The C.A.M. Report
Complementary and Alternative Medicine: Fair, Balanced, and to the Point
  • About this web log

    This blog ran from 2006 to 2016 and was intended as an objective and dispassionate source of information on the latest CAM research. Since my background is in pharmacy and allopathic medicine, I view all CAM as advancing through the development pipeline to eventually become integrated into mainstream medical practice. Some will succeed while others fail. But all are treated fairly here.

  • About the author

    John Russo, Jr., PharmD, is president of The MedCom Resource, Inc. Previously, he was senior vice president of medical communications at, a complementary and alternative medicine website.

  • Common sense considerations

    The material on this weblog is for informational purposes. It is not medical advice or counsel. Be smart, consult your health professional before using CAM.

  • Recent Posts

  • Recent Comments

    CAM options to treat pain at the end of life

    Of the many symptoms experienced by those at the end of life, pain is one of the most common, feared, and often undertreated,

    Dr. Perry Fine from the University of Utah in Salt Lake City reviews the treatment options, including CAM. Here’s a summary.

    Rehabilitation/physical therapy

    • Physical, occupational, and speech therapy are potentially beneficial in managing pain.
    • Strengthening, stretching, and the use of assisting devices may improve mobility.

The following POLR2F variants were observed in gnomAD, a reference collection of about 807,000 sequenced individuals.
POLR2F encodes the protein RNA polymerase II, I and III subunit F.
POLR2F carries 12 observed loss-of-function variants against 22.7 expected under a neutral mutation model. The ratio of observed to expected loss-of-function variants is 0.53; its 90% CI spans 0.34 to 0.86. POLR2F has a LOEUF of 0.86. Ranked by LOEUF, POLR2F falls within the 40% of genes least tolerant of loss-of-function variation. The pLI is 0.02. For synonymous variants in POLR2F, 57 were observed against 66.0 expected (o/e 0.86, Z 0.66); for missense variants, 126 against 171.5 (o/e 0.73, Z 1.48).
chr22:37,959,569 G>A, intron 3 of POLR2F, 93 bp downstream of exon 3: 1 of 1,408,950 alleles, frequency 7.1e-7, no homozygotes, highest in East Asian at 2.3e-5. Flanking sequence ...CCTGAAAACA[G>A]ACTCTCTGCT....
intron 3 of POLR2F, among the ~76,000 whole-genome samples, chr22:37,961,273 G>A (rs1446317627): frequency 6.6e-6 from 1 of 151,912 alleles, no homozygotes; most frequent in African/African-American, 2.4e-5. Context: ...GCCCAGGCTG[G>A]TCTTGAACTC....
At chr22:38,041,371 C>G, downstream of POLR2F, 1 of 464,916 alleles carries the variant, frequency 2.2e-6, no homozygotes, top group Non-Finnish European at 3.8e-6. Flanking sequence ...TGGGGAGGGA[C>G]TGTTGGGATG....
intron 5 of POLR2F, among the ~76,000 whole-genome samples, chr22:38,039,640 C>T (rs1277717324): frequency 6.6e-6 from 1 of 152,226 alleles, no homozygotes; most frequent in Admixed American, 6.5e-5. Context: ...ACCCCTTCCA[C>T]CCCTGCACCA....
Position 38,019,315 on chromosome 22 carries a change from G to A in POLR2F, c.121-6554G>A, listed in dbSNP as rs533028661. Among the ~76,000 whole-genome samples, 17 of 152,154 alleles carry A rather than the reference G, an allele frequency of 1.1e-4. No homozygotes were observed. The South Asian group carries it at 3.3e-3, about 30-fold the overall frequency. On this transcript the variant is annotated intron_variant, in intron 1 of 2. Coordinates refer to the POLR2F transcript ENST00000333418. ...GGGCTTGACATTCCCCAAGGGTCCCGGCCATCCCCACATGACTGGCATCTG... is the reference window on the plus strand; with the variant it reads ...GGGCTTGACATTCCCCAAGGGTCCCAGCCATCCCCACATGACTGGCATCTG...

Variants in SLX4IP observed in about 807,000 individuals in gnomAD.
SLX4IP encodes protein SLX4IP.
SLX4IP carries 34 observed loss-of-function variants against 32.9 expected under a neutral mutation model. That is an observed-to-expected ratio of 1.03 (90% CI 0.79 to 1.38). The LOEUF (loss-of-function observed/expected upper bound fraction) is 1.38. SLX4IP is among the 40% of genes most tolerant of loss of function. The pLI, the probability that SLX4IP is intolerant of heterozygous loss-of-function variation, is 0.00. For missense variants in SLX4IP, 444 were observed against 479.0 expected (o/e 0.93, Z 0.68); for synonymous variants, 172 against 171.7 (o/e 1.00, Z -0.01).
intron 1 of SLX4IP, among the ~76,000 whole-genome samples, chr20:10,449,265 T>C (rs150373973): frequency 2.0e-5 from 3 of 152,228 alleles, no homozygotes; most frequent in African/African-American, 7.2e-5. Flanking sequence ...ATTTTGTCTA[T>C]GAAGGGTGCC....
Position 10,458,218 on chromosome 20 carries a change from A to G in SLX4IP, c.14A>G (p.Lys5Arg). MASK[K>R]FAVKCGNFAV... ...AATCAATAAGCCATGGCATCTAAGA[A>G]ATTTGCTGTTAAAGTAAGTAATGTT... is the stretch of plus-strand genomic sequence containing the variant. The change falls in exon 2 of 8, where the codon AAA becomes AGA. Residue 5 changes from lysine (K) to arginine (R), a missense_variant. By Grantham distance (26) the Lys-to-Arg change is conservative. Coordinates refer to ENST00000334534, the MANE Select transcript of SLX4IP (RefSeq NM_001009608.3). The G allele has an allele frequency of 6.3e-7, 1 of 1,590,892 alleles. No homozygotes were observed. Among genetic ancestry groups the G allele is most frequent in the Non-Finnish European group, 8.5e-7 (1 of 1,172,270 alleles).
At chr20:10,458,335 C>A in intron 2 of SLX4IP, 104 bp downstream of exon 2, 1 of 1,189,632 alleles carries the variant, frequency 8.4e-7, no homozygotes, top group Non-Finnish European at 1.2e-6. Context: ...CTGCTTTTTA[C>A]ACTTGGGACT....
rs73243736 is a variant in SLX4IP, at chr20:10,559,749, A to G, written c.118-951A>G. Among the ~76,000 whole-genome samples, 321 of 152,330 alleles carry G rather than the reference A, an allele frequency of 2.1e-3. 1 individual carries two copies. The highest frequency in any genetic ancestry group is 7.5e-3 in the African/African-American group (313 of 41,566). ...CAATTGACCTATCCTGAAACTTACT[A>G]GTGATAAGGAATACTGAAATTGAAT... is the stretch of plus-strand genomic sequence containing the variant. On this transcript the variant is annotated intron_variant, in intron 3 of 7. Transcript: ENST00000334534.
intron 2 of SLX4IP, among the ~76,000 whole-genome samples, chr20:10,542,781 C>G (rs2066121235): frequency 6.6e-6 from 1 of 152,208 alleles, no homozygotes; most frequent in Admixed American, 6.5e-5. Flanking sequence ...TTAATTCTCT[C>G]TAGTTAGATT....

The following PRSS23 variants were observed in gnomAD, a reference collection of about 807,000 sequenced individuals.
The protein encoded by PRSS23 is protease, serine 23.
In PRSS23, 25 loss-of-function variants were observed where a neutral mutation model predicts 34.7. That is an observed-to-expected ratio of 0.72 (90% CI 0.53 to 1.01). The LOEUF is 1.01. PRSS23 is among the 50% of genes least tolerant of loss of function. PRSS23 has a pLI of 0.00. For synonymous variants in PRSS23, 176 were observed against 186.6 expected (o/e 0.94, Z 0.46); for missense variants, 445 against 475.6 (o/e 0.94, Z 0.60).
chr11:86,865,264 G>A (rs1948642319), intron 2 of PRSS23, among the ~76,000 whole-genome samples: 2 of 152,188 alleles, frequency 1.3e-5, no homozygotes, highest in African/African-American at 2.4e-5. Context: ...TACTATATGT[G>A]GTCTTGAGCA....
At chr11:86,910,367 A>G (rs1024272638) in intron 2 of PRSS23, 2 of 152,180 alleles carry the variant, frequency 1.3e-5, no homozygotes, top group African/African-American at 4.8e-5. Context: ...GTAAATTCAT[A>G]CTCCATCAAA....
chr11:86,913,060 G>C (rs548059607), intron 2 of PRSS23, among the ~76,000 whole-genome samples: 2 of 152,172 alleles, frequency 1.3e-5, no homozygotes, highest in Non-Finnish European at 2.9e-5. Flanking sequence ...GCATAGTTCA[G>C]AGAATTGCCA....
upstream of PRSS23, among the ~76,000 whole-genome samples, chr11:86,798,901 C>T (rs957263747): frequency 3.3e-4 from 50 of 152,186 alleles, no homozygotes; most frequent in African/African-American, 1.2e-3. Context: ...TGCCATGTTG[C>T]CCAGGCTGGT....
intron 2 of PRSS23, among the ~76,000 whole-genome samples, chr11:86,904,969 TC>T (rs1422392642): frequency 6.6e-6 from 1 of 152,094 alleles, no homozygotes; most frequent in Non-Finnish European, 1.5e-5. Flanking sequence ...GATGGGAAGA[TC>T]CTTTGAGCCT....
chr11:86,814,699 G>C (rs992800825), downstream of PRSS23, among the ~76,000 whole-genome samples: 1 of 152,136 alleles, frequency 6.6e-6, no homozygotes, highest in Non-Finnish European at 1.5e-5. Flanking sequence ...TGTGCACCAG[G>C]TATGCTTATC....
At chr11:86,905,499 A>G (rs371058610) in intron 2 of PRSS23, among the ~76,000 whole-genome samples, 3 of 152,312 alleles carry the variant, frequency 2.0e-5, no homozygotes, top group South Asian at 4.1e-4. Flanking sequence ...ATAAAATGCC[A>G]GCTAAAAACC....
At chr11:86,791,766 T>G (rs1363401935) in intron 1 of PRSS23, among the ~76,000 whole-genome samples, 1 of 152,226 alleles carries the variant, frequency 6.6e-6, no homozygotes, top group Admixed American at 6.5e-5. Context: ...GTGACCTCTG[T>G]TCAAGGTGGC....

• Family members can be taught simple, safe techniques of massage.
    • Hospice programs can often provide trained, certified massage therapists.

    Percutaneous electrical nerve stimulation (PENS)

    • Evidence supports PENS for persistent low back pain and knee pain.


    • Popular for patients with cancer and other end-stage pain.
    • Several researchers have found acupuncture to be an effective antidepressant.
    • Has a positive effect on COPD (chronic obstructive pulmonary disease), shortness of breath associated with end-stage cancer, and asthma.

    Cognitive interventions

    • Might improve mood and increase coping behaviors.

    Music therapy

    • Low-cost
    • Reduces anxiety and improves mood for medical, surgical, and ICU patients, and for patients undergoing procedures.
    • Useful in children and adults.
    • For caregivers, music therapy might improve empathy, compassion, and relationship-centered care without interfering with technical aspects of care.

    11/16/07 16:24 JR

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